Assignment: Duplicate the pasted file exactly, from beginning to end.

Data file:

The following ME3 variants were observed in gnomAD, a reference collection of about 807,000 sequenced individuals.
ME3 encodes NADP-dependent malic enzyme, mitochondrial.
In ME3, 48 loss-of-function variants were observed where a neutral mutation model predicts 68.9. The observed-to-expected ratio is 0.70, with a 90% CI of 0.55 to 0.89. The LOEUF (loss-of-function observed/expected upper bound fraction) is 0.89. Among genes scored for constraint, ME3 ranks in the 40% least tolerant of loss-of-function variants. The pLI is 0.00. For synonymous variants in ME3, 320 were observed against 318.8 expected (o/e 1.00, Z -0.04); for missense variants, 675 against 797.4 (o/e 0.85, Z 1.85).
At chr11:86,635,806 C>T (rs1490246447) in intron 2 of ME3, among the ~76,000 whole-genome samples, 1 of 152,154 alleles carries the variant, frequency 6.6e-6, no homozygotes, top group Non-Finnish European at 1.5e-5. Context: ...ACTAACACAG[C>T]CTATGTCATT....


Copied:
The following ME3 variants were observed in gnomAD, a reference collection of about 807,000 sequenced individuals.
ME3 encodes NADP-dependent malic enzyme, mitochondrial.
In ME3, 48 loss-of-function variants were observed where a neutral mutation model predicts 68.9. The observed-to-expected ratio is 0.70, with a 90% CI of 0.55 to 0.89. The LOEUF (loss-of-function observed/expected upper bound fraction) is 0.89. Among genes scored for constraint, ME3 ranks in the 40% least tolerant of loss-of-function variants. The pLI is 0.00. For synonymous variants in ME3, 320 were observed against 318.8 expected (o/e 1.00, Z -0.04); for missense variants, 675 against 797.4 (o/e 0.85, Z 1.85).
At chr11:86,635,806 C>T (rs1490246447) in intron 2 of ME3, among the ~76,000 whole-genome samples, 1 of 152,154 alleles carries the variant, frequency 6.6e-6, no homozygotes, top group Non-Finnish European at 1.5e-5. Context: ...ACTAACACAG[C>T]CTATGTCATT....